Skip to main content

See also:

Fast Food hamburgers from China. Really?

Getty Image
Getty Image
Photo by China Photos/Getty Images

No, it’s not true yet. But, given that China is number one importer of all foreign commodities consumed in the United States, why not numero uno in Fast Food hamburger imports? After all, under new USDA rules, China will now be allowed to export cooked poultry products for American consumption.[1]

Right now there’s a piddling quantity of food products coming in from China. It amounts to about six billion dollars or 1.3% of all Chinese commodity imports into the United States. Nevertheless, no one can be sure if a bite of a Fast Food hamburger does not already come with a trace of Chinese processed beef.[2]

China is home to 1.3 billion people, more than four times the United States population. Its consumption of beef is 84 pounds per capita, or about half the 165 pounds of beef per person consumed in the United States. So, there’s a huge potential demand for beef in China.

Unfortunately, the United States is essentially blocked from exporting beef to China because U.S. and Chinese officials are unable to reach an agreement on trade regulations. According to the U.S. International Trade Commission, in order for the U.S. to export beef to China, beef products must meet 22 requirements set by the Chinese government. However, trade regulations, such as these, have often been used as a protective tariff.

The Chinese government has already instituted policy initiatives designed to encourage investment in new, large scale, technologically efficient beef processing systems.[3] In addition, the government may be planning strategies that allow interchangeable shifts of low cost, skilled labor and technologies from large scale poultry and pork plants[4] to new beef production start-ups.[5]

China reportedly employs 300 million farmers. The country employs intensive agricultural practices to produce massive amounts of food. In comparison, the U.S. employs 560 thousand agriculture workers out of a total working labor force of about 67 million. Another six million workers are unemployed. The enormity of China’s farm labor force vs. the United States needs little elaboration. Except that, China’s GDP has now reached almost nine trillion U.S. dollars and the economy is growing at 7.7% per year.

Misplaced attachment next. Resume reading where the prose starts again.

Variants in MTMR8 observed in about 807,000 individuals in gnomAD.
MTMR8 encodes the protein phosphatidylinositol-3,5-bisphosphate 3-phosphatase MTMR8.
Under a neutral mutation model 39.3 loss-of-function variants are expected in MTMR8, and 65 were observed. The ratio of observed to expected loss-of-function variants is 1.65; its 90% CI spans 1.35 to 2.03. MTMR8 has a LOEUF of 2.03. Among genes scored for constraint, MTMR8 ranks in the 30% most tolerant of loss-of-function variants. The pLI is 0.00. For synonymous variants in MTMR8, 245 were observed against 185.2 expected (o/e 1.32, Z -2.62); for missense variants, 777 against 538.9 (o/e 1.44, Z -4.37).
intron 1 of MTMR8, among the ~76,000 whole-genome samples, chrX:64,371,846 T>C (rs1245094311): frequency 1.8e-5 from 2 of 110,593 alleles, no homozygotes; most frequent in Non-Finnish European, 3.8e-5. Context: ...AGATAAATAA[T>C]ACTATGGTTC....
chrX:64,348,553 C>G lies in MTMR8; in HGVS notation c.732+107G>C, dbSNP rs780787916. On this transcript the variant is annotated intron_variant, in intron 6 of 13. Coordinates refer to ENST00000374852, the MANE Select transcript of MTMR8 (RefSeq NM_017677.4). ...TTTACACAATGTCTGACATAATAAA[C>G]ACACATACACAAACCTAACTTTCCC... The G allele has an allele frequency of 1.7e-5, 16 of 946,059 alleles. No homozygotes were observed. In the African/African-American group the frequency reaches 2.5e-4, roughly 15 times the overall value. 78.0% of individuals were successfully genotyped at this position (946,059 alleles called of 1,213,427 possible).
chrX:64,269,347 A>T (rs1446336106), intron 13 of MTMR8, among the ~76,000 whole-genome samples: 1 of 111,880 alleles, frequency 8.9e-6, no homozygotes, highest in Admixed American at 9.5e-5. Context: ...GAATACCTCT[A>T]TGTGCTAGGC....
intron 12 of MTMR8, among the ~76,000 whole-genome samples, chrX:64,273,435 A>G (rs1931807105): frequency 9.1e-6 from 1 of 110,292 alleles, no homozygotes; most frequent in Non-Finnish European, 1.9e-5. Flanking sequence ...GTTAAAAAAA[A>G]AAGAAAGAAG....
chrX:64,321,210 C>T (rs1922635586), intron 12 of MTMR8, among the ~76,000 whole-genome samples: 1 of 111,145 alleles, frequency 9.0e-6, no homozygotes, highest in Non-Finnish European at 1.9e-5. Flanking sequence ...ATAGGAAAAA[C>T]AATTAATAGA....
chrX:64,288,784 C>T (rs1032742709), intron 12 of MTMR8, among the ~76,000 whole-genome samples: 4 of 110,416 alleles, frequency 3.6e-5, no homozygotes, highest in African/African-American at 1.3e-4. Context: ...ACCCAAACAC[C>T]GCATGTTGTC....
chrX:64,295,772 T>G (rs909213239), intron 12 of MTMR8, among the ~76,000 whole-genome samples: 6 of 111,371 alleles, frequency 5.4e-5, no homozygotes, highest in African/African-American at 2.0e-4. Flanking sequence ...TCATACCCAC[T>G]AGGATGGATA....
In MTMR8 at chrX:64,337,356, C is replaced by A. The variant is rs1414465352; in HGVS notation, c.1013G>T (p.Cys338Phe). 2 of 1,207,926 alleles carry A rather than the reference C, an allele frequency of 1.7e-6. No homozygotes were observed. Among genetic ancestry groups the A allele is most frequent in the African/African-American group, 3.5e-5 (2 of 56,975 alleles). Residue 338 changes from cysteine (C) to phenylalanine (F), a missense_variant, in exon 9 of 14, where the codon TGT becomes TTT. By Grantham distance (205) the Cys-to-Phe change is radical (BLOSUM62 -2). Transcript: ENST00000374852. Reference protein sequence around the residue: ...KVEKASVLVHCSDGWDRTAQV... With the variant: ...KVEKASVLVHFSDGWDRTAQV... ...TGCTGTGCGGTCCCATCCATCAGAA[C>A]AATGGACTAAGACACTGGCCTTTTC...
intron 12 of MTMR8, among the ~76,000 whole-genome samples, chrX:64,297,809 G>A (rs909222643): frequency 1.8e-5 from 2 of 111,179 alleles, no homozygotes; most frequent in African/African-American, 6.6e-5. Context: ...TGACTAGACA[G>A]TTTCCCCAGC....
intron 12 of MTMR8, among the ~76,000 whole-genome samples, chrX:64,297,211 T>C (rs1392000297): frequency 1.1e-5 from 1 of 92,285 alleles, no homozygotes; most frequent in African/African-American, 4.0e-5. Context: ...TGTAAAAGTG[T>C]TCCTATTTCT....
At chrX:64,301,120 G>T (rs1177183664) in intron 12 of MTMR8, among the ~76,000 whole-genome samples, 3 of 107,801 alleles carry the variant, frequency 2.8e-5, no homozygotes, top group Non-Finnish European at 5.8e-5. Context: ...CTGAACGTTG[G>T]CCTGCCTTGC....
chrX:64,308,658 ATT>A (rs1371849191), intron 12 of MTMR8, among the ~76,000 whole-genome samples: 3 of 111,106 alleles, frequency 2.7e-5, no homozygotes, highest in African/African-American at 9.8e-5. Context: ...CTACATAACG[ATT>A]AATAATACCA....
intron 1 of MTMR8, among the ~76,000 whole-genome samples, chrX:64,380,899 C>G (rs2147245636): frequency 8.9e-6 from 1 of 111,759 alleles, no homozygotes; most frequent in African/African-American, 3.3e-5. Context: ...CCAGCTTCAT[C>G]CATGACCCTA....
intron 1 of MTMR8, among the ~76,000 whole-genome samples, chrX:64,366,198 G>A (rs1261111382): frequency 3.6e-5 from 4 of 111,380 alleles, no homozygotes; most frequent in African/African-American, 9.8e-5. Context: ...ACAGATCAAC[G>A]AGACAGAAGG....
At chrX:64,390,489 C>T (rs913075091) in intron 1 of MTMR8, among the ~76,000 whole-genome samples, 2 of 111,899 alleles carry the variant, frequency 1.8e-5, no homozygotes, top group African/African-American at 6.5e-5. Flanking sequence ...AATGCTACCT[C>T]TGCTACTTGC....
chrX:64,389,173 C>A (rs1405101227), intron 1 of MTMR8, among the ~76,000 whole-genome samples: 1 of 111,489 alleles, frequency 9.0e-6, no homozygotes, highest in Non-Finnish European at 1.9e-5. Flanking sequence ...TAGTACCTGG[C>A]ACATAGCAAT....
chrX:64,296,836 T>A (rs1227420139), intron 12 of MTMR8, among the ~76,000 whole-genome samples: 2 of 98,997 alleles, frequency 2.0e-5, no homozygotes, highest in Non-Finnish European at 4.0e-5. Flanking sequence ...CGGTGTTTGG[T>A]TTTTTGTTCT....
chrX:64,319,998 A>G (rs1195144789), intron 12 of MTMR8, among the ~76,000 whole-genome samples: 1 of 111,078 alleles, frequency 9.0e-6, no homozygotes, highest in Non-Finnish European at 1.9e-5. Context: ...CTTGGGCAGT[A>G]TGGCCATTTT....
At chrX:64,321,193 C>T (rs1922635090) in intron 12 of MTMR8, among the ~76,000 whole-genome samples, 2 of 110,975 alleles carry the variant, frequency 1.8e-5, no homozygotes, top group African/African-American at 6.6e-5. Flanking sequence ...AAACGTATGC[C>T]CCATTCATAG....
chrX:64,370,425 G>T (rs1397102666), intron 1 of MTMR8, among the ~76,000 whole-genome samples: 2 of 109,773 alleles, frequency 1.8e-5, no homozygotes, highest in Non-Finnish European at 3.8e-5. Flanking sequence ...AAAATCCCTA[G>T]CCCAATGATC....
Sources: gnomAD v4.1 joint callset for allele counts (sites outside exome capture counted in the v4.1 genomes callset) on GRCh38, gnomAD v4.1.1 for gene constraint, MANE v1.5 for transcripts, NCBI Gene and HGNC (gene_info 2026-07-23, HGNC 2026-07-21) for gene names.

World trade in beef is big business. Exports amount to roughly 10 million tons and increasing rapidly to meet demand. Brazil is the top world exporter of beef and veal, India is second, Australia third and the U.S. fourth. Russia is the number one importer of beef, Japan 2nd, Hong Kong 3rd and China 4th.[6]

The United States holds the distinction of being the largest fed-cattle producing industry in the world and the largest producer of beef. The Industry’s Asian export business is hindered by high import tariffs, quotas and non-tariff trade barriers. Despite that, however, reciprocal trade agreements[7] will probably open the door for Chinese processed beef imports into the United States … the stuff Fast Food hamburgers are made of.

Another reason Americans may find more Fast Food hamburgers made in China is cost- push inflation. The substantial rise in minimum wages will likely trigger higher hamburger costs at Fast Food retail stores. The usual entrepreneurial push-back to higher labor costs is to cut material costs; i.e., use cheap processed meat made in China. Of course, other options are: Raise hamburger prices, reduce labor inputs, or cut profit margins and retain domestic suppliers.

A study published by the American Economic Review entitled, The China Syndrome, points out that China dominates all low-income country exports to the U.S. Its growth driven by transitioning to a market-oriented economy, access to foreign technologies, capital goods equipment, and multinationals being permitted to operate in China.

China’s comparative advantage versus the United States is unquestioned. However, the study concludes that low-wage countries like China are a likely source of disruption to high-wage labor markets; i.e., America’s sustained unemployment.

Thanks for reading


[1] China will be allowed to process poultry from the U.S., Canada and Chile into cooked products for export

[2] NAICS defines product classification 311 (food & kindred products) as products transformed from livestock & agricultural products for intermediate and final consumption.

[3] Overview of China Poultry Industries, American Soybean Assn.

[4] China is number one in the world for the production and consumption of poultry and pork

[5] China is the 2nd largest importer of cattle (140 thousand head per year) 2014e

[6] Foreign Agricultural Svc./USDA Nov. 2013

[7] China joined the World Trade Organization (WTO) in 2001 giving it most-favored nation status